• by bmacs27 (1314285)
        Uhh... right... it isn't "erratic" that's just the "randomness of movement."
        • by Luyseyal (3154)

          Yeah, I think what he means is that the tube can point anywhere but that nevertheless the tube itself is a nice and smooth trajectory. Whereas, putting a spin on the ball makes it much more likely the tube will point in one of a few specific directions.

          If you've taken differential equations, I imagine the spin makes the trajectories narrow to a few sinks but the knuckleball does not. Many, many curves are valid.

          -l

    • Well, considering there's only one guy throwing them, my guess is that neither has anyone here.

      • by Burdell (228580)

        He's not the only person on the planet throwing knucklers. I played slow-pitch softball with a guy that could throw a knuckle-softball; we'd be tossing a ball to warm up and he'd drop a knuckler in there. Seeing that coming made you just want to jump out of the way (or fire a fastball back at his knees! :) ).

    • by Chris Burke (6130)

      Guess again after reading the summary, which states that while the conventional wisdom on the difficulty of hitting knuckleballs is wrong, there still is a reason why they're harder to hit.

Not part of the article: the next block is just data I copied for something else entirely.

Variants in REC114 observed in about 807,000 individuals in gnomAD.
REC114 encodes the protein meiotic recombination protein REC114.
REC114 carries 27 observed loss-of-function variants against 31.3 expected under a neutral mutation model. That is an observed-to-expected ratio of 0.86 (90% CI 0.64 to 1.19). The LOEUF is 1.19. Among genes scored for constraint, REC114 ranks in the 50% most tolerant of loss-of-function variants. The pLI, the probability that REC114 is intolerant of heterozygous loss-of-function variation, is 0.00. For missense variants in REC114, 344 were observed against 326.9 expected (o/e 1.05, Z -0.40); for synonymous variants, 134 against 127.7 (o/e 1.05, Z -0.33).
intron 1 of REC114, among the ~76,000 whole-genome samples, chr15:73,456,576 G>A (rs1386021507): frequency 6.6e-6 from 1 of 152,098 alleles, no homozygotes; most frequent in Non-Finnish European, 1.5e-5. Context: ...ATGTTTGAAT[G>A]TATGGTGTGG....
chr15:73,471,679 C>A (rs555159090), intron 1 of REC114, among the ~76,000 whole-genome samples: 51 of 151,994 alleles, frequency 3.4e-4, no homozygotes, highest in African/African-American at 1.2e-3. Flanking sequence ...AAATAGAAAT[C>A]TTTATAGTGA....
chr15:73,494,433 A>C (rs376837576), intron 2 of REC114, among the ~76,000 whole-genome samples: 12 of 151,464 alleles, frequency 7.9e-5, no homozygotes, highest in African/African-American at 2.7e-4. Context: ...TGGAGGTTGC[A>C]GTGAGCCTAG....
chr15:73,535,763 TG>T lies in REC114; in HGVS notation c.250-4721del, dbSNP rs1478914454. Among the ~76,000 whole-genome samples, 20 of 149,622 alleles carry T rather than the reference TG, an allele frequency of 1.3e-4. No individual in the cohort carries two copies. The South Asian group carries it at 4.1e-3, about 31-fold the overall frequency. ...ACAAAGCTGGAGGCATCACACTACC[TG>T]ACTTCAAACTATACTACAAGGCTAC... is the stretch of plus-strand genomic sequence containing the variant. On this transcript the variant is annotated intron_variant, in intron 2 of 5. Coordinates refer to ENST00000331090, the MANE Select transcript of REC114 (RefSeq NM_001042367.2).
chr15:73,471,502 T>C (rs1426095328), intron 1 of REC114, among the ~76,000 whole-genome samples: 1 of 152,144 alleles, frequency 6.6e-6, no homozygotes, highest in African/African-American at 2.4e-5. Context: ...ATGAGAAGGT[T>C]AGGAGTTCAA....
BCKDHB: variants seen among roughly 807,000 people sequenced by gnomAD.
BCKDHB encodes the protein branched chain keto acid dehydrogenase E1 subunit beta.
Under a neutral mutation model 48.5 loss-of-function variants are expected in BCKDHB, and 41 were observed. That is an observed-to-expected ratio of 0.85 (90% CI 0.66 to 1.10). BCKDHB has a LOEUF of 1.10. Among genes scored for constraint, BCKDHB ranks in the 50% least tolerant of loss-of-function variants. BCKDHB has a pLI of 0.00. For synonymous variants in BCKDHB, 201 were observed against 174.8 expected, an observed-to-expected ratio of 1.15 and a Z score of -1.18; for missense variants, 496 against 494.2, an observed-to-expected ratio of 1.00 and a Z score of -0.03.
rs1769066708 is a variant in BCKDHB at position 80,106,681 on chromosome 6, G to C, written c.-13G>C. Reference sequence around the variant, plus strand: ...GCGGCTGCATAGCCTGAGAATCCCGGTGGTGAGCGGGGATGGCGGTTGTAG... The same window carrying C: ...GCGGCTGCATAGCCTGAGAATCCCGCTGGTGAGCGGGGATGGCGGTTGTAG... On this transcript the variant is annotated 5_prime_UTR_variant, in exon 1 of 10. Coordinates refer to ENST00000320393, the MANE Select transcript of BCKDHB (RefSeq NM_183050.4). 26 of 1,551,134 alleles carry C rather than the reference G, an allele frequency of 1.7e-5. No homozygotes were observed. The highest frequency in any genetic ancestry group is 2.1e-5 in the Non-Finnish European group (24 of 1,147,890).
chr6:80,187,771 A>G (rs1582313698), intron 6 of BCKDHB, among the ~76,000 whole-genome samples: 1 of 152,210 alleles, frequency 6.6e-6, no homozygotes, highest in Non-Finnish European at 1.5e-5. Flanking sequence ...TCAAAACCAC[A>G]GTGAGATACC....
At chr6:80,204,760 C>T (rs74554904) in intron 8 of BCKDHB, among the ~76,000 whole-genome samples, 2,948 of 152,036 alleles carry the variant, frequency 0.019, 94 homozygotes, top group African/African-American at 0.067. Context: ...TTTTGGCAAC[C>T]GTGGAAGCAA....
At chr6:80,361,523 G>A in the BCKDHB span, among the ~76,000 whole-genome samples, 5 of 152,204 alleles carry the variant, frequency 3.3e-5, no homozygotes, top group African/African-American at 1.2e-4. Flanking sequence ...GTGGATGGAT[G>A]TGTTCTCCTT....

• by Takionbrst (1772396) on Wednesday June 20, 2012 @06:39PM (#40391867)

    Six years ago, from a professor at my alma mater: http://farside.ph.utexas.edu/teaching/329/lectures/node45.html [utexas.edu] This being slashdot, I didn't RTFA but the author seems to come to the same conclusion that Fitzpatrick did. Incidentally, if you ever need to know something about physics, chances are this fellow has excellent lecture notes posted on his website covering the topic (in hyperlinked html, pdf, and even a git repository for the latex code!).

    • The wind tunnel data analyzed in your link are in fact mentioned in TFA. Yes, these varying forces exist but the conclusion of the new analysis based on actual trajectories is that their effects are negligible. Also see the article mentioned below for more detailed science; I thought about linking it in the submission but was worrled about slashdotting the poor Prof! Looks like I needn't have worried; fewer people than I thought appear to share my fascination with the knuckler... :P

  • Nathan has a conference paper with a lot more detail about the physics. PDF here: http://webusers.npl.illinois.edu/~a-nathan/pob/ProcediaEngineering34KBall.pdf [illinois.edu]